Will there be a lasting impact on teaching, learning and the curriculum? Again, the panelists advised against simply going back to the way things were.
Jamie urged recognition of the Indigenous world view in schools, noting that Indigenous people are keepers of knowledge fundamental to the creation of a compassionate, harmonious society and to the planet’s very survival. She highlighted the need to recruit more Indigenous teachers and welcome Indigenous elders into classrooms, and expressed her concern that an over-emphasis on academics means that children are missing many of the basic life skills needed to survive and live in harmony with others. “We’re teaching kids to be scholars; we’re not teaching them to be community members,” she said.
Julia noted that teachers have definitely been advancing the new curriculum in these times. The professional decision-making, choice and innovation required by the current circumstances are aligned with the tenets of this curriculum. Teachers have been creating, curating, and sharing excellent teaching resources, exercising their judgement both of necessity and in deep commitment to their students.
What about the heavy reliance on technology?
Bryn drew attention to the huge divide within communities when it comes to equipment and access. There are many ways to use the technology to enhance in-person learning and meetings, attend to engagement, and provide flexibility, but equity must be addressed.
“Every teacher sees the difficulty in it now and every parent sees the limitations,” said Julia. She noted that attendance at virtual meetings and workshops is high, but there is a passivity that comes with engaging online. “There is something about the physicality that leads to memorable professional development experiences and enhances the way we learn and make decisions together,” Julia observed.
Sharing a warning, Jamie said, “During the pandemic, I’ve seen how much time teachers spend with our children. They are a huge part of their lives. I’ve also seen how desensitized our children are becoming because of technology. These children will grow up with Google as their moral compass. If society continues to accept technology over humanity, we’re in serious trouble.” She concluded, ” There seems to be less humanity within the walls of the rooms where decisions are being made for children, and that is discouraging fact”.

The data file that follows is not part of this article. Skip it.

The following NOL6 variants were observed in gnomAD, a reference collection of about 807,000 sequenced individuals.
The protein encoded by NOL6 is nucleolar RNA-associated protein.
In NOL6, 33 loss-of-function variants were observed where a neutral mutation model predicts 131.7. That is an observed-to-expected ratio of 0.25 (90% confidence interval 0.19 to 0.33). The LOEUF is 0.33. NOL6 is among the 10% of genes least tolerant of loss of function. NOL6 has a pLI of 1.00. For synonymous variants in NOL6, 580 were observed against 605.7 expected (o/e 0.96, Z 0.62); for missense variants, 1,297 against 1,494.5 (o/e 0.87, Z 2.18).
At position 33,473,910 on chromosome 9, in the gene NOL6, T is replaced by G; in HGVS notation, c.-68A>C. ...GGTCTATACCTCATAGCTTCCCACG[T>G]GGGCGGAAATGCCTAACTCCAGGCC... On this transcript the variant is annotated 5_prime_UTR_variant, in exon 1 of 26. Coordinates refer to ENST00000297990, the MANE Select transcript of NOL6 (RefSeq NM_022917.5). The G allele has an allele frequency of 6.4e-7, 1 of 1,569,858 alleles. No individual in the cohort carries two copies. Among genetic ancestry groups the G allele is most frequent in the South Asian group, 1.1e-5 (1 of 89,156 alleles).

Many more perspectives were shared; the time flew by and the value of the dialogue was clear. Now, the challenge for all of us is to continue the discussion.
The central role of education, and especially public education, in the economic, social and political life of British Columbia is more obvious than ever and understood more fully by the general public. The pandemic has shone a bright harsh light on so many vulnerabilities and exacerbated already unacceptable inequalities. While no one would have wished for this societal trauma, we want to consider how to capitalize on the centrality and essential role public education plays by thinking big to envision change in these unprecedented times.
Moira Mackenzie is a member of the IPE Board of Directors, former BCTF Executive Director, and retired elementary school teacher.